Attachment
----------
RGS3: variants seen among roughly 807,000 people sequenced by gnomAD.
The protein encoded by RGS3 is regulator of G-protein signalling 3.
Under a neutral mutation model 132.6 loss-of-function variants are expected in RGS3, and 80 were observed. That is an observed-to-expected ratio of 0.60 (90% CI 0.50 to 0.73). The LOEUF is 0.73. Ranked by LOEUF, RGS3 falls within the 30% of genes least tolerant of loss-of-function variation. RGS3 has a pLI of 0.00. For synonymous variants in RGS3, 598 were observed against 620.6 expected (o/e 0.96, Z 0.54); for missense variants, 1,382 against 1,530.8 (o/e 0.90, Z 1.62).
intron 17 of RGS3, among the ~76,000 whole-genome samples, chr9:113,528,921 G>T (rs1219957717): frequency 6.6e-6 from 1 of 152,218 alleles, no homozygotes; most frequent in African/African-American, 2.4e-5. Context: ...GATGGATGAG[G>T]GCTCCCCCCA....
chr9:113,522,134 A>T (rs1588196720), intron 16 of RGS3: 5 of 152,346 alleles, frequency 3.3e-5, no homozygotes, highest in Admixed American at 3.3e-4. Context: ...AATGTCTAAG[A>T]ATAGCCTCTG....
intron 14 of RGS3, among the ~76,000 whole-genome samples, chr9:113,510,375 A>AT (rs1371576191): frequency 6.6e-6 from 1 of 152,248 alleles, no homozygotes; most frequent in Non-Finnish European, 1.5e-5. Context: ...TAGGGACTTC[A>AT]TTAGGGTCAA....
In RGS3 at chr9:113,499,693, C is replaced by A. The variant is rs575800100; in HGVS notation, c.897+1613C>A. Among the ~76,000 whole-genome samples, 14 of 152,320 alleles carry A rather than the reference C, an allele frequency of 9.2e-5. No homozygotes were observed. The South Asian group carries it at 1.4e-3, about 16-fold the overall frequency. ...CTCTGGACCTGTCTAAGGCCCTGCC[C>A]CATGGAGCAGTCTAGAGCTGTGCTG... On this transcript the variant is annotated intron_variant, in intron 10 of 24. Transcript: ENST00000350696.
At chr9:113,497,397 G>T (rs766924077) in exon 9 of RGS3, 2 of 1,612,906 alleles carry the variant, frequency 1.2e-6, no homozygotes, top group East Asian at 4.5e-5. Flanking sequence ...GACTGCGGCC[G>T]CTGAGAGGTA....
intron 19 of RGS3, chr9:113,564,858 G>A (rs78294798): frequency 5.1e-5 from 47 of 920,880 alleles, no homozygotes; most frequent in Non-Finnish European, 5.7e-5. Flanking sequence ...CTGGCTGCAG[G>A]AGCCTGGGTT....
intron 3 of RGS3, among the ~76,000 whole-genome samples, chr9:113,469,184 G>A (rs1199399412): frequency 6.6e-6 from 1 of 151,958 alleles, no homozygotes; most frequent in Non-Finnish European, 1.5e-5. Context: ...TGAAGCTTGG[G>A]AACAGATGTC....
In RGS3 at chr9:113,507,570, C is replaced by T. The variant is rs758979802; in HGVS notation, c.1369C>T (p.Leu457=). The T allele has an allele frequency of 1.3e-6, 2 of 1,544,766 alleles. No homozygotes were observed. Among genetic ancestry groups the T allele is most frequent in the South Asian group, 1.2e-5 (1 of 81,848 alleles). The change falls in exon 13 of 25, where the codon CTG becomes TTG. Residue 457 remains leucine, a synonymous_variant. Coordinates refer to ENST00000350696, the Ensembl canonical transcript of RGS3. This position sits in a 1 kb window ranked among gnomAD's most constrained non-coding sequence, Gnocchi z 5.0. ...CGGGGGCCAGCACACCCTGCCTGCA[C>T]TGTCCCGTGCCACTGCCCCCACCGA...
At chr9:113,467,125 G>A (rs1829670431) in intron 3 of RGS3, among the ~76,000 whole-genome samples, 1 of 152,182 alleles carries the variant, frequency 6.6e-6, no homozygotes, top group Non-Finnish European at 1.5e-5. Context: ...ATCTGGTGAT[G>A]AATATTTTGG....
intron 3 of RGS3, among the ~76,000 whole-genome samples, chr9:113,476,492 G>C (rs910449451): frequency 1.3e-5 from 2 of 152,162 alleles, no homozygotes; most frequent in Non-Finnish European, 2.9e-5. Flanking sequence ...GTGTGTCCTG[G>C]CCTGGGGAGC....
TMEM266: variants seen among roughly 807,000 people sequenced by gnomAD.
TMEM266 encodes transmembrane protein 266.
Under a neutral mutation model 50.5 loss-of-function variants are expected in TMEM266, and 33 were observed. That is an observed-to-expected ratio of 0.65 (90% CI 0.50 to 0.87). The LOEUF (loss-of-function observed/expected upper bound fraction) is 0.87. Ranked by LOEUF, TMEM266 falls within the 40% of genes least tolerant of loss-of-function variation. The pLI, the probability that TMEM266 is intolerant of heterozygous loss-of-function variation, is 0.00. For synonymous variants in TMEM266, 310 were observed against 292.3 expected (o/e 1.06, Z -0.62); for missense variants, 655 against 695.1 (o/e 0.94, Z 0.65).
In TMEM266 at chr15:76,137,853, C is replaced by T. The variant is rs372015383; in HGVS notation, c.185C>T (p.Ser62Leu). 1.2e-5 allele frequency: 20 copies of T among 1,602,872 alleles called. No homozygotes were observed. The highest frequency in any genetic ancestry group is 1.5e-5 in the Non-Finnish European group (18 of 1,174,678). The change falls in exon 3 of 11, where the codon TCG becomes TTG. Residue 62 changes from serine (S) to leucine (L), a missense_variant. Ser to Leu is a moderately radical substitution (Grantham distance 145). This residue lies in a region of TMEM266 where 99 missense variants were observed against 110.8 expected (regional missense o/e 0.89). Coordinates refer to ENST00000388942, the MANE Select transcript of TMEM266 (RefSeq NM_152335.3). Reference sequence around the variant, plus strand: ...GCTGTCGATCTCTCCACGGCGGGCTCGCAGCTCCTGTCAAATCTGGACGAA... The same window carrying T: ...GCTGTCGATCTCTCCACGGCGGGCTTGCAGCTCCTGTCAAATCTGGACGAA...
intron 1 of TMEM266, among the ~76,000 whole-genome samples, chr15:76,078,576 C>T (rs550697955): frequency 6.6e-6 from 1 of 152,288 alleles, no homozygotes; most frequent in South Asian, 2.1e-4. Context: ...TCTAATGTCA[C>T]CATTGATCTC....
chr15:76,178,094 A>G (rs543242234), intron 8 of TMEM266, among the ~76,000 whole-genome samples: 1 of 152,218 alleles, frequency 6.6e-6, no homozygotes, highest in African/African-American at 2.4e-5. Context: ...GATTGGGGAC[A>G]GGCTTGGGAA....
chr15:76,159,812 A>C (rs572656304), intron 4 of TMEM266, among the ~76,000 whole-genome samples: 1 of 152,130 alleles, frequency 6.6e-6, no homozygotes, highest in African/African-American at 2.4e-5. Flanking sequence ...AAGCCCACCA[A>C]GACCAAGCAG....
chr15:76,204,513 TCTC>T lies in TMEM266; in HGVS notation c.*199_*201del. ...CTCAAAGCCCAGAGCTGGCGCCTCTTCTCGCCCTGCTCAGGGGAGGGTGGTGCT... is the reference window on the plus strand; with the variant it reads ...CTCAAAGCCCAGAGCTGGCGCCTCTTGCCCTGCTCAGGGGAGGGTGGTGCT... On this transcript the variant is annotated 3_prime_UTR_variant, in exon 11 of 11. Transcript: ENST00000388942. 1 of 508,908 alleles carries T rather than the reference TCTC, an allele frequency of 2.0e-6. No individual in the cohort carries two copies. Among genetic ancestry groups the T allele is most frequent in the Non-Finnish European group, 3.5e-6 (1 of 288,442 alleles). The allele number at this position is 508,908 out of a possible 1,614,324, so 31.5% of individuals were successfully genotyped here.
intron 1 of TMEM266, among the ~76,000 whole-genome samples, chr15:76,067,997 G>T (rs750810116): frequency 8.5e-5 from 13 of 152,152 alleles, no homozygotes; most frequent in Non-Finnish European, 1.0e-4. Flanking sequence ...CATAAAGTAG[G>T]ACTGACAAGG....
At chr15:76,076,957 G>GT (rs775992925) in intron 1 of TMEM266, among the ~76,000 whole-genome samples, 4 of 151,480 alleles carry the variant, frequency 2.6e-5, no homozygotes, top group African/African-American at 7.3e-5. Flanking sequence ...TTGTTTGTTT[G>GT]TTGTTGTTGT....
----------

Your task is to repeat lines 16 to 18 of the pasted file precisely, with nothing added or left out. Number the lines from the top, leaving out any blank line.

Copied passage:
Under a neutral mutation model 50.5 loss-of-function variants are expected in TMEM266, and 33 were observed. That is an observed-to-expected ratio of 0.65 (90% CI 0.50 to 0.87). The LOEUF (loss-of-function observed/expected upper bound fraction) is 0.87. Ranked by LOEUF, TMEM266 falls within the 40% of genes least tolerant of loss-of-function variation. The pLI, the probability that TMEM266 is intolerant of heterozygous loss-of-function variation, is 0.00. For synonymous variants in TMEM266, 310 were observed against 292.3 expected (o/e 1.06, Z -0.62); for missense variants, 655 against 695.1 (o/e 0.94, Z 0.65).
In TMEM266 at chr15:76,137,853, C is replaced by T. The variant is rs372015383; in HGVS notation, c.185C>T (p.Ser62Leu). 1.2e-5 allele frequency: 20 copies of T among 1,602,872 alleles called. No homozygotes were observed. The highest frequency in any genetic ancestry group is 1.5e-5 in the Non-Finnish European group (18 of 1,174,678). The change falls in exon 3 of 11, where the codon TCG becomes TTG. Residue 62 changes from serine (S) to leucine (L), a missense_variant. Ser to Leu is a moderately radical substitution (Grantham distance 145). This residue lies in a region of TMEM266 where 99 missense variants were observed against 110.8 expected (regional missense o/e 0.89). Coordinates refer to ENST00000388942, the MANE Select transcript of TMEM266 (RefSeq NM_152335.3). Reference sequence around the variant, plus strand: ...GCTGTCGATCTCTCCACGGCGGGCTCGCAGCTCCTGTCAAATCTGGACGAA... The same window carrying T: ...GCTGTCGATCTCTCCACGGCGGGCTTGCAGCTCCTGTCAAATCTGGACGAA...
intron 1 of TMEM266, among the ~76,000 whole-genome samples, chr15:76,078,576 C>T (rs550697955): frequency 6.6e-6 from 1 of 152,288 alleles, no homozygotes; most frequent in South Asian, 2.1e-4. Context: ...TCTAATGTCA[C>T]CATTGATCTC....